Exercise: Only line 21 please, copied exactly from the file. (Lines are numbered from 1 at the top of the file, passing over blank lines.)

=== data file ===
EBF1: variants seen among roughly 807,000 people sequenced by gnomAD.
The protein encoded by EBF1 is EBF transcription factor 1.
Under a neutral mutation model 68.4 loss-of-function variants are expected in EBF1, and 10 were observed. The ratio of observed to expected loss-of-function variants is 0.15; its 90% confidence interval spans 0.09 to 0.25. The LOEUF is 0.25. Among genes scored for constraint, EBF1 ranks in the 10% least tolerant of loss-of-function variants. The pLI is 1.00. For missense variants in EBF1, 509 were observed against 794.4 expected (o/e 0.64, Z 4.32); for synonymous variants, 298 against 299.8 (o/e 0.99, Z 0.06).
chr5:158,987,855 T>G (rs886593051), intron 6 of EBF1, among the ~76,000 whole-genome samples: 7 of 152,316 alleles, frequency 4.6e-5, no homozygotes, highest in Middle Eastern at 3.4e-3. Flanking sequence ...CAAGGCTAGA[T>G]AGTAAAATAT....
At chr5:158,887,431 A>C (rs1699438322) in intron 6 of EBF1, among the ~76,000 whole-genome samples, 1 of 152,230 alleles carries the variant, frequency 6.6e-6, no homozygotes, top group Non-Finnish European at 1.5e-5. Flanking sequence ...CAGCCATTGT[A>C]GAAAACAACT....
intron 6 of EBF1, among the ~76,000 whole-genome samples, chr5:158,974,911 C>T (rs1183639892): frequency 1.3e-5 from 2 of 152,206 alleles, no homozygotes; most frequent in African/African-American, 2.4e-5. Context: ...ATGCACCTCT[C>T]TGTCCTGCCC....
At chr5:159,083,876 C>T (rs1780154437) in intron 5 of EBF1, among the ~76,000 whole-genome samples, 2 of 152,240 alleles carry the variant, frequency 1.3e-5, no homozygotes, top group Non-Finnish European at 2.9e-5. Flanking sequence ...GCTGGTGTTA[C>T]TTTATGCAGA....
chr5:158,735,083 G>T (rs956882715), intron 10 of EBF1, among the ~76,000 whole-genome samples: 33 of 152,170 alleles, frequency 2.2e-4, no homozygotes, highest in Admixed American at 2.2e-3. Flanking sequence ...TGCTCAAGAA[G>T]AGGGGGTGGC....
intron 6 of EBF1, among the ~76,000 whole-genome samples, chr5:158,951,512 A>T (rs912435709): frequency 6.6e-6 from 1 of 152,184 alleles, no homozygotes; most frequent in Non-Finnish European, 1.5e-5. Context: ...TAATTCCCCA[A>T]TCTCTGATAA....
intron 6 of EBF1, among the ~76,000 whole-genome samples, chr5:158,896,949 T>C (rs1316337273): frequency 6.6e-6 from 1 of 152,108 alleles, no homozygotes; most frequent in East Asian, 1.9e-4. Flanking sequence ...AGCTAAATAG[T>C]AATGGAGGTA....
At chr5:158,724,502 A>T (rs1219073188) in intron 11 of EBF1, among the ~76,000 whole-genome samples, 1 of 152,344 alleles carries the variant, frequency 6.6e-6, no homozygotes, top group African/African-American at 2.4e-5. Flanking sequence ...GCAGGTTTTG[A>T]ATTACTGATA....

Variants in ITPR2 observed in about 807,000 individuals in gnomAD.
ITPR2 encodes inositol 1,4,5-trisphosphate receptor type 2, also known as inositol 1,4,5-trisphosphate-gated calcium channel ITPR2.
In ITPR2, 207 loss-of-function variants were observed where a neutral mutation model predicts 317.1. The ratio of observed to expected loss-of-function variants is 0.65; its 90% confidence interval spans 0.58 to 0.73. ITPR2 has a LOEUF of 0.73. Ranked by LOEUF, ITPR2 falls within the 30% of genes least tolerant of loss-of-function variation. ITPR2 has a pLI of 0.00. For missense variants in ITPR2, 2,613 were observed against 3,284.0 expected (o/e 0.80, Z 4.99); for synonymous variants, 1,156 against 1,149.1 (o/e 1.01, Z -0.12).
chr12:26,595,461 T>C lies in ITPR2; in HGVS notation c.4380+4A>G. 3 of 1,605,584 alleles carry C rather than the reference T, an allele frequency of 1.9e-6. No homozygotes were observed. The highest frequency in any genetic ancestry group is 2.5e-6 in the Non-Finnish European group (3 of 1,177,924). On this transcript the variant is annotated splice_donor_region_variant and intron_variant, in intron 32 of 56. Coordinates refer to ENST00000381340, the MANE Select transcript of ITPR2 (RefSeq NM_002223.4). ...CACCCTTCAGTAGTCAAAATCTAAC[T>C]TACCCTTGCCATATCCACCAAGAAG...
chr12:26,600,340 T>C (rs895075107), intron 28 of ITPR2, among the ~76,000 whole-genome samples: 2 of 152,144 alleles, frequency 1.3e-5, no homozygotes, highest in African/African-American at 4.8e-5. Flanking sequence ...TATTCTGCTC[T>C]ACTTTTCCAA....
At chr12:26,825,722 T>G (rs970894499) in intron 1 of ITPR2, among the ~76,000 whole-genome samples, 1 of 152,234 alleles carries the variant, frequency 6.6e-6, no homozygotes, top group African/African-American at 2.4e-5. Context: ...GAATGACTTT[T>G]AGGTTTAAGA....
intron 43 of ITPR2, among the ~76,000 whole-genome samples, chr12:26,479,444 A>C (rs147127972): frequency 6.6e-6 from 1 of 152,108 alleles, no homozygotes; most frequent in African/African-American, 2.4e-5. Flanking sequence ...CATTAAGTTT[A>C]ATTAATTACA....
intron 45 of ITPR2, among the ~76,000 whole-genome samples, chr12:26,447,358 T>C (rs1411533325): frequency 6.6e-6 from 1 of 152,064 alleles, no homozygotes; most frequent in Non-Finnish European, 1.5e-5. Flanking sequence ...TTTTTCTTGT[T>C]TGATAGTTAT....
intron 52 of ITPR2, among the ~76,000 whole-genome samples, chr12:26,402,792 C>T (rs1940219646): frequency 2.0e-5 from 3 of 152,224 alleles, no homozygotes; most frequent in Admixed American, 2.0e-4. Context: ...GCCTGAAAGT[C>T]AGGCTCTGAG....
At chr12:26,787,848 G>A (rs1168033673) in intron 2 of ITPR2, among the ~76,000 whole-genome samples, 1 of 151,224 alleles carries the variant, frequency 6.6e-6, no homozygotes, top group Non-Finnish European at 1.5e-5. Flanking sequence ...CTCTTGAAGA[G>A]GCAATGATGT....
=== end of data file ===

At chr12:26,787,848 G>A (rs1168033673) in intron 2 of ITPR2, among the ~76,000 whole-genome samples, 1 of 151,224 alleles carries the variant, frequency 6.6e-6, no homozygotes, top group Non-Finnish European at 1.5e-5. Flanking sequence ...CTCTTGAAGA[G>A]GCAATGATGT....